This post will be my tribute to the cows of Bangalore. We have many in our neighborhood which, pies aside, is sort of fun. The cow is of course, highly revered and respected in India. They should be—they offer sustenance (milk, ghee, paneer, butter…), hard labor, and their dung is used for amazingly creative and sustainable purposes. Sometimes I find this reverence a bit confusing as I see some pretty poor-off cows, often eating trash or lying in trash or just looking plain hungry. Every once in a while you can tell they had a good bath and sometimes a little decorative makeover, however, I’m not too sure they enjoy the bells on their horns or ropes through their noses. Nonetheless, it strikes me how they just fit in to every day life here—they meander through and block traffic, lie in front of shop entrances, pull vegetable carts, and live in harmony with the street dogs and other street-wildlife. I am quite proud to say I have not eaten any beef since I have been in India and honestly couldn’t imagine it. I did learn a handy fact from a local the other day as one approached us, with a decent set of horns, on the street. “Don’t try to touch the head, pet the body instead.” Allegedly, according to stranger on the street, touching their head confuses and frightens them. Maybe it’s best not to touch at all?
As soon as I read about Coorg (or Kodagu): how it is nicknamed “the Scotland of India” and has coffee plantations, I knew I had to go. We were running out of weekends to travel but I just needed to see some nature, breathe some fresh air and felt we both needed it for our souls. The harshness and pollution of the city can really get to you. When our amazing yoga instructor told us she was from there, I took it as a sign that it was meant to be.
We left at the ridiculous hour of 4:30am to beat traffic and make it in time for our big trek (still getting used to calling it “trekking” which is more commonly understood than hiking here). The drive to Coorg took us through Mysore and then near the Nagarhole National Reserve where we saw monkeys and elephants during the painfully slow cruise on the half-paved highway. I appreciated the signs cautioning to yield to animals and our driver warned us that “sometimes the elephants escape from the jungle” I secretly hoped we’d get to see that…We had a pleasant quick stop at a roadside coffee shop where I enjoyed my first sip of Coorg coffee. By 10:30am we reached the trail head that would lead us up the highest mountain in Coorg and second highest in Karnataka: Thadiyandamol. It never ceases to amaze me the power of being in nature and how it can rejuvenate my soul. But really. The clean air and trees, it was a wonderful hike. The ascent took us about 2.5 hours with a couple stops to enjoy our surroundings. The last quarter of the hike was vertical, hands and knees for my short legs—going up giant tree roots and then scrambling up rocks. The view at the summit was totally worth it all. It was also just so pleasant to walk outside for an extended period of time without the smog and horns. I could see why they call Coorg “the Scotland of India.”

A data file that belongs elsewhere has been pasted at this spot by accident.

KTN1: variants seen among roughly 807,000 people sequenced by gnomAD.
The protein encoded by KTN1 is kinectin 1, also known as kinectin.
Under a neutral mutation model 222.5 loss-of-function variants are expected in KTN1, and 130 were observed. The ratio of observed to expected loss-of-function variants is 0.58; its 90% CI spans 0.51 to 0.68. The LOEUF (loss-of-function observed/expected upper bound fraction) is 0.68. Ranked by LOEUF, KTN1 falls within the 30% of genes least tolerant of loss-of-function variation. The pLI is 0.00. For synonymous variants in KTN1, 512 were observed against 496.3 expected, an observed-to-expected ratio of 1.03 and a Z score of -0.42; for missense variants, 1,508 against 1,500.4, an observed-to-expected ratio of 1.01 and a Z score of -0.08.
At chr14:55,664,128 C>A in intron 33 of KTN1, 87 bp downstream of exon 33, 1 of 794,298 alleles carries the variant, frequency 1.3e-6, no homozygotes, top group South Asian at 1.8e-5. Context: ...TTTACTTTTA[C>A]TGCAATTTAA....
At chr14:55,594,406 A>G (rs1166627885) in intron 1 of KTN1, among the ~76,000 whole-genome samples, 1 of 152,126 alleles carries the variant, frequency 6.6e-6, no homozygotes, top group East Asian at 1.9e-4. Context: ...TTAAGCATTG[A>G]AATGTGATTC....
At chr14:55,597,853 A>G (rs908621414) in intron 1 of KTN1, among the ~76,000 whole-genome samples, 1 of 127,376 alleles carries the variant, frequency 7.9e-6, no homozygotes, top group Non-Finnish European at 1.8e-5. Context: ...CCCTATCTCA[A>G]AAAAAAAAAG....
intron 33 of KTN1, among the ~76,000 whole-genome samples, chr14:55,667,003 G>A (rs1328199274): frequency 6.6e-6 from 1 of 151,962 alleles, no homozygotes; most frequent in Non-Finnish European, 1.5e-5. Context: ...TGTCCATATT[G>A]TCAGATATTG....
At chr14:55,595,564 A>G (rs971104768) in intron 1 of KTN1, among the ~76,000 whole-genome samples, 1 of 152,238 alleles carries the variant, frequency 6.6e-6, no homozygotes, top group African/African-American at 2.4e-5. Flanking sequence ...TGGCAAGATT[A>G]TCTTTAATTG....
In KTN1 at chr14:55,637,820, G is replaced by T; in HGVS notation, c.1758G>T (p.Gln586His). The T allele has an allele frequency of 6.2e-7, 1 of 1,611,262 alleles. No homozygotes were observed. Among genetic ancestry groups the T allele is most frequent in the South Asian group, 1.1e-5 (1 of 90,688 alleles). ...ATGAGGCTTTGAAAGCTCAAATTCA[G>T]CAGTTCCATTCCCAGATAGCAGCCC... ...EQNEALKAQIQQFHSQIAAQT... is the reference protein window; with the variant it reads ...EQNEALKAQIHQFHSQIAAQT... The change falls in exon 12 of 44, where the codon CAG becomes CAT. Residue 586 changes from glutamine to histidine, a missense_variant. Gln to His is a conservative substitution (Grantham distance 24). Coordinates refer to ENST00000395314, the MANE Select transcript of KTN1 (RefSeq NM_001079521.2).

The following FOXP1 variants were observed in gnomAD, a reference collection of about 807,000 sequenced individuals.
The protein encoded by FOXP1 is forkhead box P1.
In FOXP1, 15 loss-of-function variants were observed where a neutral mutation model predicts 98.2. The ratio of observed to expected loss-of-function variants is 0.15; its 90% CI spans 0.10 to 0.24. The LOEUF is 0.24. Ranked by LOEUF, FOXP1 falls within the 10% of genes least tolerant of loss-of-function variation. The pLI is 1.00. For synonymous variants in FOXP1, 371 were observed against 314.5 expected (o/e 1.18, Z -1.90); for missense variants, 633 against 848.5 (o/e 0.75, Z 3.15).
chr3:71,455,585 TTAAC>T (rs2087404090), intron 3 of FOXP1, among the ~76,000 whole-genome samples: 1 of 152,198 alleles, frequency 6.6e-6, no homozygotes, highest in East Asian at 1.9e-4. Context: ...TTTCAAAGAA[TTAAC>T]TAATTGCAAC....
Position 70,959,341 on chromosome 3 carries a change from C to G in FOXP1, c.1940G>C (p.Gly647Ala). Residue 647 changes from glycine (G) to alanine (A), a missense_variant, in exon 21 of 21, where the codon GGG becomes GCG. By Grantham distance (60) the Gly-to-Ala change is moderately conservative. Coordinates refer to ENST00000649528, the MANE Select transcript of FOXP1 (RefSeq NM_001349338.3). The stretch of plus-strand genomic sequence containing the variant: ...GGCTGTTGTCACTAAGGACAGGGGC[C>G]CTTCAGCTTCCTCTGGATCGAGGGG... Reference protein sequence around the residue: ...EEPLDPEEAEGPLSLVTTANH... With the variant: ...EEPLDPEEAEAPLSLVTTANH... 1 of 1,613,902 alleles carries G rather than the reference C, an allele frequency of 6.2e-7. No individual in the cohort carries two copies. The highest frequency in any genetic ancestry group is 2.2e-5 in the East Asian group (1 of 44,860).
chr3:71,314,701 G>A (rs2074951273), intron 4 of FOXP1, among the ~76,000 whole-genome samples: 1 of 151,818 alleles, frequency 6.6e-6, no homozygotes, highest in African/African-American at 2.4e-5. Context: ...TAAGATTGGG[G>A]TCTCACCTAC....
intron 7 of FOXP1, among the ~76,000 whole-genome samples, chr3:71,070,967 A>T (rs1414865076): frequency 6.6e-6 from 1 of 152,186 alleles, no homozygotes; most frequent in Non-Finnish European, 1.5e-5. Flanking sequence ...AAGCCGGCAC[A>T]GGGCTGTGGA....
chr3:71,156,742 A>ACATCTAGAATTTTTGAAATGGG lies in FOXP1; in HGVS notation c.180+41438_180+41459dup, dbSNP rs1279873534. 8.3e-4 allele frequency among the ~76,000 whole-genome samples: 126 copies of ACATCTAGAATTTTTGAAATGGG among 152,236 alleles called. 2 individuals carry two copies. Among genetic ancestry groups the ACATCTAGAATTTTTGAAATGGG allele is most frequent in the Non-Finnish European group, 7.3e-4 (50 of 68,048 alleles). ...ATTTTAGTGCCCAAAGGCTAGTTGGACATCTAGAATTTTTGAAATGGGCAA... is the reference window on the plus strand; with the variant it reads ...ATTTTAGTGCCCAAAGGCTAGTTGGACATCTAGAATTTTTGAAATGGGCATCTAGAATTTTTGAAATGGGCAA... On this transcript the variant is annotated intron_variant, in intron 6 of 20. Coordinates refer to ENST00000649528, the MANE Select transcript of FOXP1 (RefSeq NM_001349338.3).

We then met up with our driver at some old ruins where the local kings would hideaway when intruders came. A local “guide” made the brief tour more interesting and we appreciated his knowledge. The next stop was our homestay. Our driver had to drop us off for a jeep to take us up a bumpy, steep, mountain trail to Chingaara, where we stayed. The accommodations were simple but just right. Community meals, limitless fresh Coorg coffee, and livestock roaming around–it was very chill. My only qualm was the bugs—especially the GIANT spider that decided to accompany me in the shower. The homestay was nestled amidst coffee plants and giant trees. We couldn’t resist taking a quick dip in the nearby waterfall. I felt so centered from being in nature, I had to see how much longer I could hold tree pose. Interestingly, much, much longer on a fallen log than in the comfort of our apartment!
The next day we hiked around the grounds and checked out the other homestay on the property and appreciated more views of the valleys and hills surrounding us. The whole trip was short but sweet; a must-see for those who enjoy nature (and coffee).
The street food around Bangalore is infinite, from tiny white cups of chai, to roasted nuts, to fried dough soaked in sticky syrup. I’ve slowly become a little more trusting of certain vendors as long as they meet my criteria: the food must be hot, it must look clean, and it should have several customers. I still don’t frequent these places often at all, but am fascinated by the array of food choices. I like the coconuts but the rusty machetes to hack them open still weird me out a little. My favorite thus far, is probably samosas—you can’t go wrong with lentils+spices in a deep-fried pastry shell! Here are some snapshots of the food as well as a nearby park called Cubbon Park & local art show. I love how Bangalore has parks and many trees, but can’t get over how people throw trash around even in the parks! I know that sounds judgmental, but it’s just sad to see beautiful spaces meant for peace and solitude full of garbage. And the little children playing in it. :(. I hope the trend picks up that the prime minister is trying to encourage ”Swachh Bharat Abhiyaan” or Clean India Mission!
What a city. I have to admit, I was overjoyed to be in a city where I felt much safer walking around by myself. Of course, I had my wits about me, but to see others like me, not totally covered up head-ankle, alone, walking around, was joyful and a relief. I really enjoy living in India, but after a while, I just want to go out in a tanktop and running shorts and not get stared down like I have two heads! Rant aside, objectively, it’s a fun and fascinating city with a lot to offer.